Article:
Most patients think that more testing equates to better medicine, and companies are profiting from that myth.
Some offer non-invasive screening tests (via Schwitzer), often times performed in church basements, screening the healthy, general population for carotid artery disease, peripheral vascular disease, or abdominal aortic aneurysms.
The typical cost is $50 per test, or five tests for $159. The price transparency is welcome, especially when health care costs are normally hard to come by.
The problem is, none of the tests are recommended by the USPSTF, and can be potentially harmful as they lead patients to undergo more invasive studies for findings that may eventually be benign. Generally, patients do not have a good sense of what is backed by evidence or not, and hence, fall back to the fallacy that “more must be better.”
Consider the described case of a blocked carotid artery that was found during incidental screening. The patient presented the results to her doctor, who repeated the test, confirming the findings. The patient then underwent surgery to clear out the arteries.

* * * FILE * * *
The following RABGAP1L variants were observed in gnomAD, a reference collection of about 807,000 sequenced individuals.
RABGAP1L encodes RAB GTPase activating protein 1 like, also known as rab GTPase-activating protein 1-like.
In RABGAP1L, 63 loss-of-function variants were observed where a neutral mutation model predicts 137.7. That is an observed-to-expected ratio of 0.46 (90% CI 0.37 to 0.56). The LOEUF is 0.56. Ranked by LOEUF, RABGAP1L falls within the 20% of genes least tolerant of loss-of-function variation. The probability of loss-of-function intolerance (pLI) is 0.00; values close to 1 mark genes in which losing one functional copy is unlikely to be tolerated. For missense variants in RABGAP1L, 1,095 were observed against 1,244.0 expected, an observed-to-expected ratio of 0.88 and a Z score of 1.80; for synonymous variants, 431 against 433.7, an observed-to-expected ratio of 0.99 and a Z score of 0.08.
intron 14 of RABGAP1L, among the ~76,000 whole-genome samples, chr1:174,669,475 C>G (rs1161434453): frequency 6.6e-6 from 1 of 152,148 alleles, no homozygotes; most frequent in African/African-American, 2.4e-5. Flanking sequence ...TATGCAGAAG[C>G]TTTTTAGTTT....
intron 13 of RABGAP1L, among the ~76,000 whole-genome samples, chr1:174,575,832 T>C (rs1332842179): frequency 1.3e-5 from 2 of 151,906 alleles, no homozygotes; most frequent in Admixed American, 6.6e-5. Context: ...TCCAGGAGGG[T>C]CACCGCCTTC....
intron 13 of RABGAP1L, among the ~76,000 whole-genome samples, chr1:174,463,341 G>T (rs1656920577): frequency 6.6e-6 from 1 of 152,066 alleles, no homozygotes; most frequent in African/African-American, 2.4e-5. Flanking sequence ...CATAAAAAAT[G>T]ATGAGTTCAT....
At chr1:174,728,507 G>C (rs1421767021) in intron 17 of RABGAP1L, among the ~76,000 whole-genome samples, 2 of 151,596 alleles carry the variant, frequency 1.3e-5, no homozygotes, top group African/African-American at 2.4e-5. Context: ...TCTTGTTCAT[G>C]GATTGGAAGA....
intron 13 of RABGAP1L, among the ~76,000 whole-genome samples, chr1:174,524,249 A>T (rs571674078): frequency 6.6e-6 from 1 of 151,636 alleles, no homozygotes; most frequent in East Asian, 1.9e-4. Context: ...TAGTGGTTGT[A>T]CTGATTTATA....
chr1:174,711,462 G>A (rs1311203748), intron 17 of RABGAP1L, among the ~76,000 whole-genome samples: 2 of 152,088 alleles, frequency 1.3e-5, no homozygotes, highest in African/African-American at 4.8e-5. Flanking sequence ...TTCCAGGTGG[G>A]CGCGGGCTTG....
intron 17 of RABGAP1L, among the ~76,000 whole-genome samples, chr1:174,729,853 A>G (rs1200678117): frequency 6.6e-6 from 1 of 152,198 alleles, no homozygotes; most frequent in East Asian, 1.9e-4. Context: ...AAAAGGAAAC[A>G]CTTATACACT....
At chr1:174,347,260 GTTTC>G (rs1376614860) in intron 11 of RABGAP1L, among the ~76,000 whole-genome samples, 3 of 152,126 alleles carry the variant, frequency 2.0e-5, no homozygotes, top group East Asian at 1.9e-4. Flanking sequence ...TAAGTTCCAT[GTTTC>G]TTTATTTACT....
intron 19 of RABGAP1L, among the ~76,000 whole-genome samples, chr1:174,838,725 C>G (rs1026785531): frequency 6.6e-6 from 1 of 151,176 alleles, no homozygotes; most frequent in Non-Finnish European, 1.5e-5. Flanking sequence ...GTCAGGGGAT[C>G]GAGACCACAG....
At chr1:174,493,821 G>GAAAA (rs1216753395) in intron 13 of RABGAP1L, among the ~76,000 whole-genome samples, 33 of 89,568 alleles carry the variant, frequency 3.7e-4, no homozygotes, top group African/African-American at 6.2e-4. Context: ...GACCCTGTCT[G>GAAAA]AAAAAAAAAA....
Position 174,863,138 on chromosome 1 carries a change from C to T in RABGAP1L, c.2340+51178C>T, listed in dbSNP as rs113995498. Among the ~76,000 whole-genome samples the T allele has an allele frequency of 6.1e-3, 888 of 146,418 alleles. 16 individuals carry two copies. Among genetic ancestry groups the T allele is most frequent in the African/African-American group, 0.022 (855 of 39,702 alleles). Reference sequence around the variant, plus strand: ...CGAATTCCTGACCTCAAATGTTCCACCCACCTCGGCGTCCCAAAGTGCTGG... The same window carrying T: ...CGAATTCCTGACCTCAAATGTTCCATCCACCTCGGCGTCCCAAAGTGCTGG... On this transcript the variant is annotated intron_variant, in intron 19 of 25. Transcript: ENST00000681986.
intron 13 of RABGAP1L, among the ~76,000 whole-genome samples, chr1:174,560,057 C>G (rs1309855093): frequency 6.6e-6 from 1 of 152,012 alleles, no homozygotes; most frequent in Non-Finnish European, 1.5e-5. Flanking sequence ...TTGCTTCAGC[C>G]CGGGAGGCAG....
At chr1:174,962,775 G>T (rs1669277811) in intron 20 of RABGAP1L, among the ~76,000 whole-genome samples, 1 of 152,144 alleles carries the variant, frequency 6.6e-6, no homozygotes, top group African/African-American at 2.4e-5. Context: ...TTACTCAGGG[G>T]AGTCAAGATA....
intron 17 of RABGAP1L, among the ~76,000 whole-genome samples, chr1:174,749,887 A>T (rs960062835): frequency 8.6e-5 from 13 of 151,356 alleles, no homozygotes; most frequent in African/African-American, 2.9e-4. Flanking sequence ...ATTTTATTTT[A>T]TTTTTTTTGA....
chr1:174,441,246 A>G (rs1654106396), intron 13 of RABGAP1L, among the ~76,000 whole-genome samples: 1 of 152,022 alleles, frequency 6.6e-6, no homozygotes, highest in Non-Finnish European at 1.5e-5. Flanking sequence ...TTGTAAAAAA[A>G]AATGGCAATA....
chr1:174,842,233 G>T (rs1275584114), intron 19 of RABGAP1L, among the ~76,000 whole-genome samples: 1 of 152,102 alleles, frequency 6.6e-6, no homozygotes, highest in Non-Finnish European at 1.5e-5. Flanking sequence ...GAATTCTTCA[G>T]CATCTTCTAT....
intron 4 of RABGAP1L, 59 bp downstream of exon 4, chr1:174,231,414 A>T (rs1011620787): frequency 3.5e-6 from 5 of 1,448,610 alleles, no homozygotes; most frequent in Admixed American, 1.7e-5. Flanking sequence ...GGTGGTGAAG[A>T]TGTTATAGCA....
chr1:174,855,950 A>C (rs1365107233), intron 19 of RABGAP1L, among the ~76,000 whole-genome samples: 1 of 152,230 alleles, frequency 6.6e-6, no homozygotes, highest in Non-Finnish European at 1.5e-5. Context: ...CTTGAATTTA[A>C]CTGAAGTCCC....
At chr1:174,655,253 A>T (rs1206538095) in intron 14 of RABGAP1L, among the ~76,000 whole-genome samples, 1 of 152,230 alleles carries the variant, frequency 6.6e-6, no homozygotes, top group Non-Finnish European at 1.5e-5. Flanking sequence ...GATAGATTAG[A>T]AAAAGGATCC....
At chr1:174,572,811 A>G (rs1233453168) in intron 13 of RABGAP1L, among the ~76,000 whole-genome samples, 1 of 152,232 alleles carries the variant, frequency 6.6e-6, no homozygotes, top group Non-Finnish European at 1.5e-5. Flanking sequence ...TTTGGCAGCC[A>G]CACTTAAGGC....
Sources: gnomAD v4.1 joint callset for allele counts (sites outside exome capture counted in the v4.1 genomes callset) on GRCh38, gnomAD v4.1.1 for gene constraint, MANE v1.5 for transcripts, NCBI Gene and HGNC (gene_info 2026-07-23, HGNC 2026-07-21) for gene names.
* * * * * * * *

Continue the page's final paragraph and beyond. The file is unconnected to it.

However, the physician addresses the conundrum that arises in this asymptomatic patient: “She never had any symptoms. Now you could argue that she might have had a stroke without a test, but what if she wouldn’t have? She just went through a risky double procedure for unclear gain.”
Patients like certainty, and often fail to appreciate the risk and nuance involving screening tests. And until they do, there will always be a market for companies to profit from that gray area.